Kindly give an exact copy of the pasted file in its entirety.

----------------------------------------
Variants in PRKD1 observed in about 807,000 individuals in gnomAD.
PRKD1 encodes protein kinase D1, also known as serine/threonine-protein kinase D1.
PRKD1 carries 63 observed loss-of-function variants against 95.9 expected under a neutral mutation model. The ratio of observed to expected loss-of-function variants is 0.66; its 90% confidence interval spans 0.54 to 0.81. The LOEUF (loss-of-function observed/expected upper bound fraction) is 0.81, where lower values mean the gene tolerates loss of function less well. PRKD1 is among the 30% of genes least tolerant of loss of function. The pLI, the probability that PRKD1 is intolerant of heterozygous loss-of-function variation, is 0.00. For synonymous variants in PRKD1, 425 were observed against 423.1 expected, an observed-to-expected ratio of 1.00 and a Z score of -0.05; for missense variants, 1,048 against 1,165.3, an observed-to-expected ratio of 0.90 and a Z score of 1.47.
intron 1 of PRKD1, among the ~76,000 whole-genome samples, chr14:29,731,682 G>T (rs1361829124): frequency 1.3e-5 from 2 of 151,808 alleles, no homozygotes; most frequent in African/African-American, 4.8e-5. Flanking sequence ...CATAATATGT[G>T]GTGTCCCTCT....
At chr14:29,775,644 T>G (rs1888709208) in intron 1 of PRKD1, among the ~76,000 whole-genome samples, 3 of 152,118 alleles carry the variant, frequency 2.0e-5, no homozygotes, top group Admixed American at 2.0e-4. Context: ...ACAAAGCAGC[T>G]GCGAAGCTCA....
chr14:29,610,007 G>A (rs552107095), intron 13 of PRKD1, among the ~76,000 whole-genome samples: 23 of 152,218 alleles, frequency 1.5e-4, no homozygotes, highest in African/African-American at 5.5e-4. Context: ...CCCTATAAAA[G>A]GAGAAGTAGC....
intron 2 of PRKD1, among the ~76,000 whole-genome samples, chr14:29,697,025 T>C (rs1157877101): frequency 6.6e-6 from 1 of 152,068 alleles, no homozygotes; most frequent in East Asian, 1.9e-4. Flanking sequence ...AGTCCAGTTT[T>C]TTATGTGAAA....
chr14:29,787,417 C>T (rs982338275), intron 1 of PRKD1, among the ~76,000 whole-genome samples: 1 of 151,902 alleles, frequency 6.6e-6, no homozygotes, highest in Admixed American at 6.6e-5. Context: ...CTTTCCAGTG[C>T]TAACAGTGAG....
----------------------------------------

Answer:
Variants in PRKD1 observed in about 807,000 individuals in gnomAD.
PRKD1 encodes protein kinase D1, also known as serine/threonine-protein kinase D1.
PRKD1 carries 63 observed loss-of-function variants against 95.9 expected under a neutral mutation model. The ratio of observed to expected loss-of-function variants is 0.66; its 90% confidence interval spans 0.54 to 0.81. The LOEUF (loss-of-function observed/expected upper bound fraction) is 0.81, where lower values mean the gene tolerates loss of function less well. PRKD1 is among the 30% of genes least tolerant of loss of function. The pLI, the probability that PRKD1 is intolerant of heterozygous loss-of-function variation, is 0.00. For synonymous variants in PRKD1, 425 were observed against 423.1 expected, an observed-to-expected ratio of 1.00 and a Z score of -0.05; for missense variants, 1,048 against 1,165.3, an observed-to-expected ratio of 0.90 and a Z score of 1.47.
intron 1 of PRKD1, among the ~76,000 whole-genome samples, chr14:29,731,682 G>T (rs1361829124): frequency 1.3e-5 from 2 of 151,808 alleles, no homozygotes; most frequent in African/African-American, 4.8e-5. Flanking sequence ...CATAATATGT[G>T]GTGTCCCTCT....
At chr14:29,775,644 T>G (rs1888709208) in intron 1 of PRKD1, among the ~76,000 whole-genome samples, 3 of 152,118 alleles carry the variant, frequency 2.0e-5, no homozygotes, top group Admixed American at 2.0e-4. Context: ...ACAAAGCAGC[T>G]GCGAAGCTCA....
chr14:29,610,007 G>A (rs552107095), intron 13 of PRKD1, among the ~76,000 whole-genome samples: 23 of 152,218 alleles, frequency 1.5e-4, no homozygotes, highest in African/African-American at 5.5e-4. Context: ...CCCTATAAAA[G>A]GAGAAGTAGC....
intron 2 of PRKD1, among the ~76,000 whole-genome samples, chr14:29,697,025 T>C (rs1157877101): frequency 6.6e-6 from 1 of 152,068 alleles, no homozygotes; most frequent in East Asian, 1.9e-4. Flanking sequence ...AGTCCAGTTT[T>C]TTATGTGAAA....
chr14:29,787,417 C>T (rs982338275), intron 1 of PRKD1, among the ~76,000 whole-genome samples: 1 of 151,902 alleles, frequency 6.6e-6, no homozygotes, highest in Admixed American at 6.6e-5. Context: ...CTTTCCAGTG[C>T]TAACAGTGAG....